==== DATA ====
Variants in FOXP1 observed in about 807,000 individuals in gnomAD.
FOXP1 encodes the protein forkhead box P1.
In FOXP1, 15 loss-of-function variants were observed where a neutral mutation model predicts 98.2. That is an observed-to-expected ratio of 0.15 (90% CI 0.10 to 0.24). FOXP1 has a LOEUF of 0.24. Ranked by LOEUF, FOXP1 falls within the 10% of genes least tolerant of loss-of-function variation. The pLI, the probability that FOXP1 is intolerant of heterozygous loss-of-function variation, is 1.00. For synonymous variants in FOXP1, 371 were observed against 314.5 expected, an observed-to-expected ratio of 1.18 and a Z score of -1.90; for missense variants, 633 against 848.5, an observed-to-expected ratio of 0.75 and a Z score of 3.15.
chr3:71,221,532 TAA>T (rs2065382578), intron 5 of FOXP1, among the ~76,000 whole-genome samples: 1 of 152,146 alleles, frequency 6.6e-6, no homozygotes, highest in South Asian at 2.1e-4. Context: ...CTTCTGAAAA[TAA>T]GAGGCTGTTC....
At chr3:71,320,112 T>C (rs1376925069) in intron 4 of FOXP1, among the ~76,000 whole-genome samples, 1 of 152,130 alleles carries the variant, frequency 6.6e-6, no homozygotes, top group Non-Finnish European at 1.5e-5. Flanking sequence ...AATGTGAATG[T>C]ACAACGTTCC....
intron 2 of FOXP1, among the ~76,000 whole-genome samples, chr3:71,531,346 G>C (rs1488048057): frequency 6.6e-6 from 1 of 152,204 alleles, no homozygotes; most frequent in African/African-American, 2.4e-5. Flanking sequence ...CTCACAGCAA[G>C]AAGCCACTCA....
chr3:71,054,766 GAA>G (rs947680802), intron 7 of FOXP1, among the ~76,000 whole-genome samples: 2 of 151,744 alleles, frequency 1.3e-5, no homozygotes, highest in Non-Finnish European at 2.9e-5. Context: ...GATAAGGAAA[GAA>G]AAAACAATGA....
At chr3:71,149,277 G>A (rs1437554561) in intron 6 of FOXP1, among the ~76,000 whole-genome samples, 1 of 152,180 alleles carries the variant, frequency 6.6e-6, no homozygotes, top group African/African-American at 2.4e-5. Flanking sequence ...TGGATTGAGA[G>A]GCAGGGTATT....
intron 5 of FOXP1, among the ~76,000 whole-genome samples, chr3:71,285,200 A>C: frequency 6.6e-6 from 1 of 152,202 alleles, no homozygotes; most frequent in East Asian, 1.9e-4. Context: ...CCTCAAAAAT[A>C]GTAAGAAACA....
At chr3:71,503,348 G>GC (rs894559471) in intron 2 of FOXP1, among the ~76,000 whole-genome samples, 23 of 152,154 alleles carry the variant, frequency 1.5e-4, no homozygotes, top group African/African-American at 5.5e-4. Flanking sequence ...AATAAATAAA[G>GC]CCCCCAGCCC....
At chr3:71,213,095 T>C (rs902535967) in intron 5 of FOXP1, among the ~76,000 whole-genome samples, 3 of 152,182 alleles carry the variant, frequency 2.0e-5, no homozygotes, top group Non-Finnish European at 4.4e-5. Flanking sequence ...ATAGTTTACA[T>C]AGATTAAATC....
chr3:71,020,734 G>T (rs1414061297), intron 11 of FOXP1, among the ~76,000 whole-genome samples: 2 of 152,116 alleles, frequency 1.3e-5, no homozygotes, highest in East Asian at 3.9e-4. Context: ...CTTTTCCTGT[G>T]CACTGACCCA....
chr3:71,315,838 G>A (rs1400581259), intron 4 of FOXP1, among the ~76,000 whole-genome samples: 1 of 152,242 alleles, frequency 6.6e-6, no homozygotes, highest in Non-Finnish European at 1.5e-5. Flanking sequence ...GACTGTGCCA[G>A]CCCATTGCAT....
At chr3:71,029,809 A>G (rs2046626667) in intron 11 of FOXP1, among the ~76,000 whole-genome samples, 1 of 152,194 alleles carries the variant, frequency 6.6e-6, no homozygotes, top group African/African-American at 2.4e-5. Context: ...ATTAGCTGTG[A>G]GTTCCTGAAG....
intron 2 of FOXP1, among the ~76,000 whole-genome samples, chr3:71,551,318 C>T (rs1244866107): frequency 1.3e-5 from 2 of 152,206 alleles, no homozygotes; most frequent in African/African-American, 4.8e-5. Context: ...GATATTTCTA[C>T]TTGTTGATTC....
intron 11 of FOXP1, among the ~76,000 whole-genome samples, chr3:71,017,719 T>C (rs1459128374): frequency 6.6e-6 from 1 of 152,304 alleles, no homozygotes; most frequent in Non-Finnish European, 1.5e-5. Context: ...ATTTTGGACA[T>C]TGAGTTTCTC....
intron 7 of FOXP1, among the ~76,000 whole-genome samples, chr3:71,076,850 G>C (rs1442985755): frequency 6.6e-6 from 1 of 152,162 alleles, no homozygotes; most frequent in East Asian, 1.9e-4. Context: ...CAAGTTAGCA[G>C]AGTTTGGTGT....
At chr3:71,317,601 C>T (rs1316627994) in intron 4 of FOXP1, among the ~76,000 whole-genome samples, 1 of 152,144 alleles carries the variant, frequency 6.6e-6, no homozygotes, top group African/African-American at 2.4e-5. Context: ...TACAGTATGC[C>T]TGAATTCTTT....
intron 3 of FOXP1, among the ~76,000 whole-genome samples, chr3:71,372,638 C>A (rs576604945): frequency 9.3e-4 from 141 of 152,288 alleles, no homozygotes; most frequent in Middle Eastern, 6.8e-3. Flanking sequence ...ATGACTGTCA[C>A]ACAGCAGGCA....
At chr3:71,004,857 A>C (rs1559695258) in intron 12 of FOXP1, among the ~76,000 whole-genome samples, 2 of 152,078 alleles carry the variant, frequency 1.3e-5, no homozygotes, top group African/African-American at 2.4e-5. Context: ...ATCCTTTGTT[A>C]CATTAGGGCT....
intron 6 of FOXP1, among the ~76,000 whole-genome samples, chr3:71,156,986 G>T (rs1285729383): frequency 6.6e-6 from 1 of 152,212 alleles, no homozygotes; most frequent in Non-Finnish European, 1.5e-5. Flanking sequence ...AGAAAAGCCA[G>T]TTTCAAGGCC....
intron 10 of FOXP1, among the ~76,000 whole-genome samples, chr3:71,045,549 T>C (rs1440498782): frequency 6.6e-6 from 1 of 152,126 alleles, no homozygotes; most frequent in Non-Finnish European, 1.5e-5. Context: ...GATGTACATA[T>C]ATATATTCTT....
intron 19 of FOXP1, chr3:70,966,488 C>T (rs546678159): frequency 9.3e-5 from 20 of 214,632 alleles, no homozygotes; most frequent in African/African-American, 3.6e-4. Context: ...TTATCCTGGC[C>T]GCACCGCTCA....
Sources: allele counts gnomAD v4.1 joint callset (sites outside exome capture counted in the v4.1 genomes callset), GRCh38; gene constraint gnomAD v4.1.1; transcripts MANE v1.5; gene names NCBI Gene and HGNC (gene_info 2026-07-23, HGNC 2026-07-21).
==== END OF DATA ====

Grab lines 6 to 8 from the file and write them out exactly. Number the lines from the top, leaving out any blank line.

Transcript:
intron 2 of FOXP1, among the ~76,000 whole-genome samples, chr3:71,531,346 G>C (rs1488048057): frequency 6.6e-6 from 1 of 152,204 alleles, no homozygotes; most frequent in African/African-American, 2.4e-5. Flanking sequence ...CTCACAGCAA[G>C]AAGCCACTCA....
chr3:71,054,766 GAA>G (rs947680802), intron 7 of FOXP1, among the ~76,000 whole-genome samples: 2 of 151,744 alleles, frequency 1.3e-5, no homozygotes, highest in Non-Finnish European at 2.9e-5. Context: ...GATAAGGAAA[GAA>G]AAAACAATGA....
At chr3:71,149,277 G>A (rs1437554561) in intron 6 of FOXP1, among the ~76,000 whole-genome samples, 1 of 152,180 alleles carries the variant, frequency 6.6e-6, no homozygotes, top group African/African-American at 2.4e-5. Flanking sequence ...TGGATTGAGA[G>A]GCAGGGTATT....